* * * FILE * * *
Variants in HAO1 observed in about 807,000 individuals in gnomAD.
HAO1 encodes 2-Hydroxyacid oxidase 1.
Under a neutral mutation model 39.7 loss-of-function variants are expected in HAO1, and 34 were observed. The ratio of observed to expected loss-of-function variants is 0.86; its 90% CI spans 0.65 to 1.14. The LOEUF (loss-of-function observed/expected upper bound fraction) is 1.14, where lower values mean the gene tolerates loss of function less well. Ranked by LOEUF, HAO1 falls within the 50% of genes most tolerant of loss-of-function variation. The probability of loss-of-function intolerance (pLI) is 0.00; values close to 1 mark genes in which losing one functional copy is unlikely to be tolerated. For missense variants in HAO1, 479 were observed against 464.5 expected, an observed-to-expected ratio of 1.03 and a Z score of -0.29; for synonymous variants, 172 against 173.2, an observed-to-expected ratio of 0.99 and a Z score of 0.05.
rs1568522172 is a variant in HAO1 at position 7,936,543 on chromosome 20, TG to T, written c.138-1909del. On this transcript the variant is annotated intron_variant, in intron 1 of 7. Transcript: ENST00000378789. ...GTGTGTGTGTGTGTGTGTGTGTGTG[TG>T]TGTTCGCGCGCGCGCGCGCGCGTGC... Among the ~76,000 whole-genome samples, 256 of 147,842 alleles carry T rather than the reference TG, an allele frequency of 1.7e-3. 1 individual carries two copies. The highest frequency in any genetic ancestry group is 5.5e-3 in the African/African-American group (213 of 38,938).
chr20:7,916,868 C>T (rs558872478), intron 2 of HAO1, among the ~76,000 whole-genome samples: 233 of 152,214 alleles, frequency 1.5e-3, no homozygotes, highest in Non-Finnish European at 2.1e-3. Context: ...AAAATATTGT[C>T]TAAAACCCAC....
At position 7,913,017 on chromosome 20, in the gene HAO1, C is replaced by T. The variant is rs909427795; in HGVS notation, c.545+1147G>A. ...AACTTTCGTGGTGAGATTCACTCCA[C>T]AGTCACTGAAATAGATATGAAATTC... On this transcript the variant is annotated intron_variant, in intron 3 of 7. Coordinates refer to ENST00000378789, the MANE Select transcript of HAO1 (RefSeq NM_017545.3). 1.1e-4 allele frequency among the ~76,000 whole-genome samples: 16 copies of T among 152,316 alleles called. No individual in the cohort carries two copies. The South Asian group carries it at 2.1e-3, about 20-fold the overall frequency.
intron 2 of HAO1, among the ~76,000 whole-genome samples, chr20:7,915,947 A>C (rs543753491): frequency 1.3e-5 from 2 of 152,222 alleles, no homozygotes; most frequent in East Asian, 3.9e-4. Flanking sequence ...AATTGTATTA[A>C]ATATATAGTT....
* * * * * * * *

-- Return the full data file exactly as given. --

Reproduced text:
Variants in HAO1 observed in about 807,000 individuals in gnomAD.
HAO1 encodes 2-Hydroxyacid oxidase 1.
Under a neutral mutation model 39.7 loss-of-function variants are expected in HAO1, and 34 were observed. The ratio of observed to expected loss-of-function variants is 0.86; its 90% CI spans 0.65 to 1.14. The LOEUF (loss-of-function observed/expected upper bound fraction) is 1.14, where lower values mean the gene tolerates loss of function less well. Ranked by LOEUF, HAO1 falls within the 50% of genes most tolerant of loss-of-function variation. The probability of loss-of-function intolerance (pLI) is 0.00; values close to 1 mark genes in which losing one functional copy is unlikely to be tolerated. For missense variants in HAO1, 479 were observed against 464.5 expected, an observed-to-expected ratio of 1.03 and a Z score of -0.29; for synonymous variants, 172 against 173.2, an observed-to-expected ratio of 0.99 and a Z score of 0.05.
rs1568522172 is a variant in HAO1 at position 7,936,543 on chromosome 20, TG to T, written c.138-1909del. On this transcript the variant is annotated intron_variant, in intron 1 of 7. Transcript: ENST00000378789. ...GTGTGTGTGTGTGTGTGTGTGTGTG[TG>T]TGTTCGCGCGCGCGCGCGCGCGTGC... Among the ~76,000 whole-genome samples, 256 of 147,842 alleles carry T rather than the reference TG, an allele frequency of 1.7e-3. 1 individual carries two copies. The highest frequency in any genetic ancestry group is 5.5e-3 in the African/African-American group (213 of 38,938).
chr20:7,916,868 C>T (rs558872478), intron 2 of HAO1, among the ~76,000 whole-genome samples: 233 of 152,214 alleles, frequency 1.5e-3, no homozygotes, highest in Non-Finnish European at 2.1e-3. Context: ...AAAATATTGT[C>T]TAAAACCCAC....
At position 7,913,017 on chromosome 20, in the gene HAO1, C is replaced by T. The variant is rs909427795; in HGVS notation, c.545+1147G>A. ...AACTTTCGTGGTGAGATTCACTCCA[C>T]AGTCACTGAAATAGATATGAAATTC... On this transcript the variant is annotated intron_variant, in intron 3 of 7. Coordinates refer to ENST00000378789, the MANE Select transcript of HAO1 (RefSeq NM_017545.3). 1.1e-4 allele frequency among the ~76,000 whole-genome samples: 16 copies of T among 152,316 alleles called. No individual in the cohort carries two copies. The South Asian group carries it at 2.1e-3, about 20-fold the overall frequency.
intron 2 of HAO1, among the ~76,000 whole-genome samples, chr20:7,915,947 A>C (rs543753491): frequency 1.3e-5 from 2 of 152,222 alleles, no homozygotes; most frequent in East Asian, 3.9e-4. Flanking sequence ...AATTGTATTA[A>C]ATATATAGTT....